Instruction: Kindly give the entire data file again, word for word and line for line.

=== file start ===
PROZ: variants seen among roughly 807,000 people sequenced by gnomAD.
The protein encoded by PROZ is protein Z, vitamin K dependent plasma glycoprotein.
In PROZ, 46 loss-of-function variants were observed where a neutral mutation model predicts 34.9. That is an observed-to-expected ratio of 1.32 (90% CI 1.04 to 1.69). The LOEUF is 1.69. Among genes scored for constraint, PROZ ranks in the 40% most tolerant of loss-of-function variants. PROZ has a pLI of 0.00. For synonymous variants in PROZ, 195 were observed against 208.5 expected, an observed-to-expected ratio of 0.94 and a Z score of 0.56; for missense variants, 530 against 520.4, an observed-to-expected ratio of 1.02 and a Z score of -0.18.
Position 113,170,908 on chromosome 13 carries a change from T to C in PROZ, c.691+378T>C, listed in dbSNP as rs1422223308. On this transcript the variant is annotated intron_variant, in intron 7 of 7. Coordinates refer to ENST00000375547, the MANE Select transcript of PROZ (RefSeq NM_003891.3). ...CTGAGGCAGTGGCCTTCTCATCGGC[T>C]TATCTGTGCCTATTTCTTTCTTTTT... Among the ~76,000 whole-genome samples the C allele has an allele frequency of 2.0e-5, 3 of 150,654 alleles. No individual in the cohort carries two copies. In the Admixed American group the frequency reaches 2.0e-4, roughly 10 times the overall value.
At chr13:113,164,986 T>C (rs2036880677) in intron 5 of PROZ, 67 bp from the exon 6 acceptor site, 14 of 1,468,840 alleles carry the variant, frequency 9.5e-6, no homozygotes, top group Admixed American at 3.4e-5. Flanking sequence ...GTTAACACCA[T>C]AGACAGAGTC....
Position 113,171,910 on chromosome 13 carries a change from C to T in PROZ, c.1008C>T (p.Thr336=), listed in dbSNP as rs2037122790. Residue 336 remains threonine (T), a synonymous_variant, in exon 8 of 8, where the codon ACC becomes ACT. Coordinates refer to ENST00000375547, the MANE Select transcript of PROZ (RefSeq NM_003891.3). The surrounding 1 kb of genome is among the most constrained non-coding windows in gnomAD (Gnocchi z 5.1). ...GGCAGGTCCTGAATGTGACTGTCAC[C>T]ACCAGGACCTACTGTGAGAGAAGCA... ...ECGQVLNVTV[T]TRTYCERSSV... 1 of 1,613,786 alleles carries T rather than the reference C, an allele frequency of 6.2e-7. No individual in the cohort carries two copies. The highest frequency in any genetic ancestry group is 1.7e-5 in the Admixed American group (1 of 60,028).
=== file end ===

PROZ: variants seen among roughly 807,000 people sequenced by gnomAD.
The protein encoded by PROZ is protein Z, vitamin K dependent plasma glycoprotein.
In PROZ, 46 loss-of-function variants were observed where a neutral mutation model predicts 34.9. That is an observed-to-expected ratio of 1.32 (90% CI 1.04 to 1.69). The LOEUF is 1.69. Among genes scored for constraint, PROZ ranks in the 40% most tolerant of loss-of-function variants. PROZ has a pLI of 0.00. For synonymous variants in PROZ, 195 were observed against 208.5 expected, an observed-to-expected ratio of 0.94 and a Z score of 0.56; for missense variants, 530 against 520.4, an observed-to-expected ratio of 1.02 and a Z score of -0.18.
Position 113,170,908 on chromosome 13 carries a change from T to C in PROZ, c.691+378T>C, listed in dbSNP as rs1422223308. On this transcript the variant is annotated intron_variant, in intron 7 of 7. Coordinates refer to ENST00000375547, the MANE Select transcript of PROZ (RefSeq NM_003891.3). ...CTGAGGCAGTGGCCTTCTCATCGGC[T>C]TATCTGTGCCTATTTCTTTCTTTTT... Among the ~76,000 whole-genome samples the C allele has an allele frequency of 2.0e-5, 3 of 150,654 alleles. No individual in the cohort carries two copies. In the Admixed American group the frequency reaches 2.0e-4, roughly 10 times the overall value.
At chr13:113,164,986 T>C (rs2036880677) in intron 5 of PROZ, 67 bp from the exon 6 acceptor site, 14 of 1,468,840 alleles carry the variant, frequency 9.5e-6, no homozygotes, top group Admixed American at 3.4e-5. Flanking sequence ...GTTAACACCA[T>C]AGACAGAGTC....
Position 113,171,910 on chromosome 13 carries a change from C to T in PROZ, c.1008C>T (p.Thr336=), listed in dbSNP as rs2037122790. Residue 336 remains threonine (T), a synonymous_variant, in exon 8 of 8, where the codon ACC becomes ACT. Coordinates refer to ENST00000375547, the MANE Select transcript of PROZ (RefSeq NM_003891.3). The surrounding 1 kb of genome is among the most constrained non-coding windows in gnomAD (Gnocchi z 5.1). ...GGCAGGTCCTGAATGTGACTGTCAC[C>T]ACCAGGACCTACTGTGAGAGAAGCA... ...ECGQVLNVTV[T]TRTYCERSSV... 1 of 1,613,786 alleles carries T rather than the reference C, an allele frequency of 6.2e-7. No individual in the cohort carries two copies. The highest frequency in any genetic ancestry group is 1.7e-5 in the Admixed American group (1 of 60,028).